Med center breaks ground

April 29, 2006|By DON AINES


It was not the sweet smell of success, but something earthier from a nearby farm that wafted across a bluff overlooking McConnellsburg Friday afternoon, yet it did little to suppress the sense of a community's accomplishment.

"We have that good old Fulton County aroma here today. Get a good whiff," Diane J. Palmer told a crowd of about 250 people who gathered for the groundbreaking for a new $37 million Fulton County Medical Center.

"Our vision has become a reality," said Palmer, president of the center. By late 2007, the 22-acre parcel will be home to a 97,000-square-foot medical center and nursing home, replacing a 56-year-old building jammed onto two acres in town.


"Our current facility has just become outdated and, frankly, overused," Palmer said of the center, which has 55 nursing home beds, 25 hospital beds and employs about 370 people.

"We'll have our own helipad. We won't have to land in the Legion parking lot anymore," said Chief Financial Officer Jason Hawkins. "We'll actually have a parking lot. We won't have to park at the church" across the street from the old center, he said.

The center will have 67 nursing home beds and 21 hospital beds, two intensive care rooms and an isolation room, Hawkins said. It could eventually be expanded to accommodate 97 nursing home residents, he said.

"It's incredible. In two years this is where I'm going to be driving," Nursing home Administrator Melissa Randler said, taking in the mountain view. Fifteen nursing home residents were also on hand to get a look at what will be their new home.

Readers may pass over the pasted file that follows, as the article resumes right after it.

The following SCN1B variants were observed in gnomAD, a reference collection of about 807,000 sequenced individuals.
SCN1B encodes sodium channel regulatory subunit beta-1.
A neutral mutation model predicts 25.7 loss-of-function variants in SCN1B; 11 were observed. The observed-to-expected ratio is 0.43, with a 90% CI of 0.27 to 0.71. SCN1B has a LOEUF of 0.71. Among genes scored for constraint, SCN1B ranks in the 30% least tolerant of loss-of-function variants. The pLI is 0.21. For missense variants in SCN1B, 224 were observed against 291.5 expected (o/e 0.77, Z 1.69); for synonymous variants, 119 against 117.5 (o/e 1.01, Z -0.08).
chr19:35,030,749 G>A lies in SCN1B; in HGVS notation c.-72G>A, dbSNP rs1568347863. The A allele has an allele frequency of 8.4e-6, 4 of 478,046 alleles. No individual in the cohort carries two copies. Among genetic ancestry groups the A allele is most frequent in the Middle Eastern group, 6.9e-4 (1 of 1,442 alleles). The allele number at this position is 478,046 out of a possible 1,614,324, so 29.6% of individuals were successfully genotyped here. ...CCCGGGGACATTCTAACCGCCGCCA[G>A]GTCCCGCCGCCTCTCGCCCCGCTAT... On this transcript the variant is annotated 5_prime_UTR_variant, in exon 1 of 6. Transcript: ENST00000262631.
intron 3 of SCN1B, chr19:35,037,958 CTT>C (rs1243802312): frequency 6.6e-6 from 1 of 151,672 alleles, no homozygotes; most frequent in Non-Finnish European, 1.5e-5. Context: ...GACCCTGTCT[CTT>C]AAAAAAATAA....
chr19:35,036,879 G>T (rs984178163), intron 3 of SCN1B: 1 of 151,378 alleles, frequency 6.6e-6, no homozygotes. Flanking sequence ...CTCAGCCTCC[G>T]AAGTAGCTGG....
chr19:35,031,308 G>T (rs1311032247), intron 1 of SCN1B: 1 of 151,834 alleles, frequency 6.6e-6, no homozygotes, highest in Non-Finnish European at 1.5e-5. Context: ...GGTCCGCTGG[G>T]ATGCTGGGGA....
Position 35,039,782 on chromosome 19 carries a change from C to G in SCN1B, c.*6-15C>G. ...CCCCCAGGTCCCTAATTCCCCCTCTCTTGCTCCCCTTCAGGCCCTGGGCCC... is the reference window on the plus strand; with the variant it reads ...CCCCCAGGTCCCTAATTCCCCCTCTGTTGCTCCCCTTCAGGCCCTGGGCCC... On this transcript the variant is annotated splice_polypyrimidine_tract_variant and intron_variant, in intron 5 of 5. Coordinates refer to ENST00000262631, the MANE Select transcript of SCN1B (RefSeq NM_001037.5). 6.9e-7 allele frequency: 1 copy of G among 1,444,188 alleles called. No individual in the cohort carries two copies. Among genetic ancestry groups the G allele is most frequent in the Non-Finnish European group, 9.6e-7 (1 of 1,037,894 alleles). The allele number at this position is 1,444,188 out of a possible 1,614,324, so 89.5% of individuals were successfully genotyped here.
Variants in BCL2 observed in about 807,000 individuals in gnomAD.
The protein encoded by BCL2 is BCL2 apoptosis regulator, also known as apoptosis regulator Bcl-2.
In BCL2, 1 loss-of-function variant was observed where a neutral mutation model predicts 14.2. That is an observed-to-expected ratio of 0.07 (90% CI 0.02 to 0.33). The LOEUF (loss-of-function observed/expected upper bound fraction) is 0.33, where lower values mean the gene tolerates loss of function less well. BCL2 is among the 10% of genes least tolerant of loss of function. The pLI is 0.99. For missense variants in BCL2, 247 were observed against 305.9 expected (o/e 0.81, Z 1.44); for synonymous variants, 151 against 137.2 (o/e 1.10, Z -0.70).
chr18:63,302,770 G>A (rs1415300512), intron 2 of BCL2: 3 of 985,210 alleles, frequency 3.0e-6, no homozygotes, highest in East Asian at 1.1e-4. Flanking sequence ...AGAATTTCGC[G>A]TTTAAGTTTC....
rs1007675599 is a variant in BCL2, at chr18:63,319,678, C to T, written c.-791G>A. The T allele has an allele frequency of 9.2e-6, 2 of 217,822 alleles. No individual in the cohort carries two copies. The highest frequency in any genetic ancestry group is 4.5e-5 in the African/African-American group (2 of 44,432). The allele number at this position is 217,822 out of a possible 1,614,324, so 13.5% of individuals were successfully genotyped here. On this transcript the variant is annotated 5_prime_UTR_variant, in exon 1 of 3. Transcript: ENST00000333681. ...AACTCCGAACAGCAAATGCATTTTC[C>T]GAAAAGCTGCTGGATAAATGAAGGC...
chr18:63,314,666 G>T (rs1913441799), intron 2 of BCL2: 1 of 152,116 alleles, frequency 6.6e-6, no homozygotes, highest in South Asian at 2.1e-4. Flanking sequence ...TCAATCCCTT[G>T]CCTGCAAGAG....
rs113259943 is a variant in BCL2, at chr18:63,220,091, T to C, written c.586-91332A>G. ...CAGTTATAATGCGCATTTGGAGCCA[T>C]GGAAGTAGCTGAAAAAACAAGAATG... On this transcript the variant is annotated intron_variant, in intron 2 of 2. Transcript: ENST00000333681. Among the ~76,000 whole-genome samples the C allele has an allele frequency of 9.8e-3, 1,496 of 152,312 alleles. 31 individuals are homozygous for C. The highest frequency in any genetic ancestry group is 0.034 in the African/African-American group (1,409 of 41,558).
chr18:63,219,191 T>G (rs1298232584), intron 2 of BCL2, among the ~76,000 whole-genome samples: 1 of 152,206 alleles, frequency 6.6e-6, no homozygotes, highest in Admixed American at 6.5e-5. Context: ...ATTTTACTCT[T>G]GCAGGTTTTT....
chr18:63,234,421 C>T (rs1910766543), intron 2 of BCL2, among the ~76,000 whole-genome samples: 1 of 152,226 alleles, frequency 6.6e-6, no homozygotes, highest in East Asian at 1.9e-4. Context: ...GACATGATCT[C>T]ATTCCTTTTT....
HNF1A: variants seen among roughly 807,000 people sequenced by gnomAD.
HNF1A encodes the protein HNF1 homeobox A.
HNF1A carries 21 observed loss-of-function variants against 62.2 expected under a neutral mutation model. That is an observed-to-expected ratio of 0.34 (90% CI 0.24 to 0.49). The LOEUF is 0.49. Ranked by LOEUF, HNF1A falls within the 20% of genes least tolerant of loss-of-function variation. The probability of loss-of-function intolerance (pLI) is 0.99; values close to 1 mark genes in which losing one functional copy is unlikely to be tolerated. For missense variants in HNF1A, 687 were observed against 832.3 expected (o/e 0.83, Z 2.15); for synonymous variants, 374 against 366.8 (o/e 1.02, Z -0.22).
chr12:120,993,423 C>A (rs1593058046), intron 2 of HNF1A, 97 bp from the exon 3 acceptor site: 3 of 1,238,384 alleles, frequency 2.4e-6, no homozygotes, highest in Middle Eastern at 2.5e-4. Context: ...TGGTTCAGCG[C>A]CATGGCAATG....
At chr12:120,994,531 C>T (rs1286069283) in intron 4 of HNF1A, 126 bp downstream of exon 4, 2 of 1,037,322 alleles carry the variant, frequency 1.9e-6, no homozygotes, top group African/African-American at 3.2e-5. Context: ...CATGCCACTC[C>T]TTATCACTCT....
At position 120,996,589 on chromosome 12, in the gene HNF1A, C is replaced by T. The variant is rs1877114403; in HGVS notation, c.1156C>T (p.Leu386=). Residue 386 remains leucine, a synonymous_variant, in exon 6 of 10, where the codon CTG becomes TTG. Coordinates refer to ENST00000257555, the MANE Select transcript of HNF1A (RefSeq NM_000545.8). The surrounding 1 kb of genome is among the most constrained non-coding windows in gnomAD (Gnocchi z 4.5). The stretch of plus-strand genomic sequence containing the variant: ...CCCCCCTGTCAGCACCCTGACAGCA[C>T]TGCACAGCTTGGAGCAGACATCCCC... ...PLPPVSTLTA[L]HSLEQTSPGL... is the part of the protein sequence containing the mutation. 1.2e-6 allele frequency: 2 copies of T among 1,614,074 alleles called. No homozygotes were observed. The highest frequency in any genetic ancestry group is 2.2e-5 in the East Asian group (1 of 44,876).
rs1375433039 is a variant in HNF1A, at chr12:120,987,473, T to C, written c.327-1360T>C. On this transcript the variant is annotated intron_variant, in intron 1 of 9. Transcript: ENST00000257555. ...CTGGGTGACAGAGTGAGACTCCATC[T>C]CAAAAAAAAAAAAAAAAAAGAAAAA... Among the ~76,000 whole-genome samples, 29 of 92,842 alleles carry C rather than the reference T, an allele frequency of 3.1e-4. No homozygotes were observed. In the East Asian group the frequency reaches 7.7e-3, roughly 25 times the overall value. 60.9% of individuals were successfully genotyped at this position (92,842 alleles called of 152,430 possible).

Helen Overly was named chairwoman of the fundraising effort a few years ago and was told she might expect to raise about $1.5 million from the community.

"They had done a feasibility study that said we couldn't raise that kind of money," Overly said. Since then individuals and businesses have donated more than $6 million and with $4 million in state and federal funds committed to the project, she said.

A $26 million bond issue will finance the balance of the project, Hawkins said.

The biggest benefactor is the county's largest employer, JLG Industries, which committed $2.5 million, said Lisa Corona, the manufacturer's vice president for human resources. Overly said the late Cora I. Grove donated and bequeathed another $1.5 million and the late John Shimer left about $1.5 million, as well.

"My mother spent 13 years in the existing center with Alzheimer's disease and she got such great treatment," said D.A. Washabaugh III, a retired car dealer who donated the land.

Palmer thanked scores of people, businesses, center staff and its board of directors for their help in raising the money and the 10-year planning effort that preceded Friday's event.

State Sen. Robert Jubelirer, R-30th, and State Rep. Dick Hess, R-78th, both said the center will build the economy through the jobs it creates, businesses it supports and the businesses attracted to communities with modern medical facilities.

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